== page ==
Keeping it All in Perspective

Our job is to teach the students we have. Not the ones we would like to have. Not the ones we used to have. Those we have right now. All of them.

I stumbled upon the above quote on Pinterest a while back. I do not know who Dr. Kevin Maxwell is. Nor do I know in what context he stated these words. All I do know is that these words profoundly impacted my attitude towards teaching, and I haven't been the same since I first read them.

Let me start by saying that I love my job. Teaching is something I've wanted to do since I was a child and every morning I thank God for allowing me to do what I love.

That being said, it hasn't always been easy. As a matter of fact, I think it's safe to say it's never been easy. But there were times in my career when teaching was more challenging than I had ever anticipated.

It was a couple years ago when I found myself crying every night, upset that I couldn't get through a single lesson without "putting out a fire". I won't go into detail, but let's just say I had done a pretty good job handling students who- um, needed a little more guidance and structure than others- therefore I was given a class that truly tested me. It was my fourth time teaching the ICR (inclusion) class, and I started out feeling pretty confident. I had an amazing class the previous year, and I felt like I could handle anything. That year I found out that I was right. I could handle anything. But in handling it the way that I did- I sacrificed too much of myself.

Twenty students. Five with IEPs. Another five that should have had IEPs, but did not. I had a wonderful cooperating teacher that year- who they gave me for a full two and a half hours (spread out throughout the day). LUCKY ME. (I wish there was a font for sarcasm). She really was wonderful (and continues to be wonderful though we don't work together anymore), but the scheduling situation was certainly less than ideal. Having a cooperating teacher with me all day would have helped me meet the very different needs of all my students that year.

I felt like I was drowning that entire year. I felt alone and overwhelmed. Again, I won't go into detail- but I felt that the classroom "situation" was unfair, and begged and pleaded with my principal to change it in order to level the playing field. He would not. I had to deal.

I'm not proud of it, but I'll say it: I did not enjoy teaching that year. I stayed late every day. I worked on things for school throughout the entire weekend, every weekend. I agonized over test scores and obsessed over lesson plans. I never even got a chance to bond with those students. I feel very bad about that.

Looking back- several years later- I realize that I chose to not make an effort to bond with my students despite the challenging circumstances we were in. It was my own fault that I was unhappy. Instead of accepting my situation, and embracing the challenges set forth, I fought against them, resenting them. I felt sorry for myself, complained to anyone who listened. I constantly compared my class to the other first grade classes down the hall- to other classes I'd had in the past. It's no wonder I was so miserable!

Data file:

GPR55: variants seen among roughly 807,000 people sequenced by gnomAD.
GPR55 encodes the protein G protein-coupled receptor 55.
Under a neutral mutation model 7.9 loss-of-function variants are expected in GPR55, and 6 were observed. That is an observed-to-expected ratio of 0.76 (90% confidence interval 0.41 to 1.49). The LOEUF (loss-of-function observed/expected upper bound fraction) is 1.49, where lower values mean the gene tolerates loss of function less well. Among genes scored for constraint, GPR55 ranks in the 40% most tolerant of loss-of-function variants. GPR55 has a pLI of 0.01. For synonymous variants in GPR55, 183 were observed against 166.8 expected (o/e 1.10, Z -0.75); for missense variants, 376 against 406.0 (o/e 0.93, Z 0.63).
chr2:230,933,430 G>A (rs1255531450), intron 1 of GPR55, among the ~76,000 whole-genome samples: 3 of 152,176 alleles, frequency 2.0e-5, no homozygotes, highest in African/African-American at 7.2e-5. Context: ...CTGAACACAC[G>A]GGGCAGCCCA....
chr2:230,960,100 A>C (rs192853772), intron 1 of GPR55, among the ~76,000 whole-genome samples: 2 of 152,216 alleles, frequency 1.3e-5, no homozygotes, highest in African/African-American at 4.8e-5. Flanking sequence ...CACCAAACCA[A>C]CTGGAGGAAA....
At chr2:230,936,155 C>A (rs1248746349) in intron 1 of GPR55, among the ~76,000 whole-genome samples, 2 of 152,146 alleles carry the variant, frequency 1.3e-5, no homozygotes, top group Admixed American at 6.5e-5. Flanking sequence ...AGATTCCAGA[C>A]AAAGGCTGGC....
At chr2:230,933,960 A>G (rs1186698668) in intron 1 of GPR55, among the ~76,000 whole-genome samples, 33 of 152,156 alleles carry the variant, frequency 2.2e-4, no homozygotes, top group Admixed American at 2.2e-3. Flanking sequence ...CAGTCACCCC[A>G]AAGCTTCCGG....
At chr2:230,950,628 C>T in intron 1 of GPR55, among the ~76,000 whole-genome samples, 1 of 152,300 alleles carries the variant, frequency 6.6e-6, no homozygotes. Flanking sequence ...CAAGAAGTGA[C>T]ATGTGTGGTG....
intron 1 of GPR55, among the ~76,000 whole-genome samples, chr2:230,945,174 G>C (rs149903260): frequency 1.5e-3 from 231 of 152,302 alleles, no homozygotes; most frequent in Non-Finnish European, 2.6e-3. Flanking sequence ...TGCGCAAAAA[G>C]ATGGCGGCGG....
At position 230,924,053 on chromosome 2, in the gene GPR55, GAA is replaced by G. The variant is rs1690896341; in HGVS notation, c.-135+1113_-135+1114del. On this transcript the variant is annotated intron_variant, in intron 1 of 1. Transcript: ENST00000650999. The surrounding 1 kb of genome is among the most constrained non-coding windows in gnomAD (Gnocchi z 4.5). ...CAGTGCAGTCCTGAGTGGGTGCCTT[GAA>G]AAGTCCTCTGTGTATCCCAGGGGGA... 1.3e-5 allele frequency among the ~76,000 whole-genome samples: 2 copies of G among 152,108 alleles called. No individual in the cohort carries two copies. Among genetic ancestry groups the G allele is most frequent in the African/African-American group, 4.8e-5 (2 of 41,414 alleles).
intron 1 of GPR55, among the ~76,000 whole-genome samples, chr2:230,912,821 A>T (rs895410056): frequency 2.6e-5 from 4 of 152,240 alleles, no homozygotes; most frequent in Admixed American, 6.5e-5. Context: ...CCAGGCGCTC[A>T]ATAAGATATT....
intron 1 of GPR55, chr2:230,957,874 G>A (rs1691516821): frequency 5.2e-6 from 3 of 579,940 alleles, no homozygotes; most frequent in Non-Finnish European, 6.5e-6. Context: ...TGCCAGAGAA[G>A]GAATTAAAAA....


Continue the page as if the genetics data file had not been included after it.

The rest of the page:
Since that year- that year where I questioned whether or not teaching was the right career for me, I've had this intense fear that I will be placed in the same situation again. I've actually had nightmares about it.

But last summer I finally came to the realization that I can't control the issues that my students come to school with- but I can control my attitude and how I approach the situation. Instead of aiming for this idea of a "perfect class", I understood that I should aim to give everything I can to my students to meet their needs- whatever they might be! Every class is different. Each with a new set of challenges. Although some might be more challenging than others, each has something wonderful to offer if you are willing to look for it!

Changing my perspective changed my teaching and the way I run my classroom. Through all the pressure put on us nowadays- standardized tests, common core standards, Danielson-based teacher observation systems, attacks from politicians, constant changes to curriculum, heightened expectations of us and the six-year-olds we work with- I remember why I wanted to start teaching in the first place.

I focus on all the truly wonderful parts! Planning new activities I know my kids will love and learn a lot from, watching the light finally go on for that child who was trying and trying but still having a hard time, getting notes from my kids letting me know how much they love me, having a good, true belly laugh from the hilarious thing one of them said, feeling the tears come into my eyes when listening to one of my students share a beautiful piece of writing filled with their unique voice... THOSE are the kind of things I teach for, the things I live for!  As for the rest? The not so wonderful things? I push them aside. I don't make time for the negativity. There's no room for it in my classroom or my heart.

Teaching is not easy. But it is so worth it.

Do you have any quotes that inspire you? If you do, please share! :)

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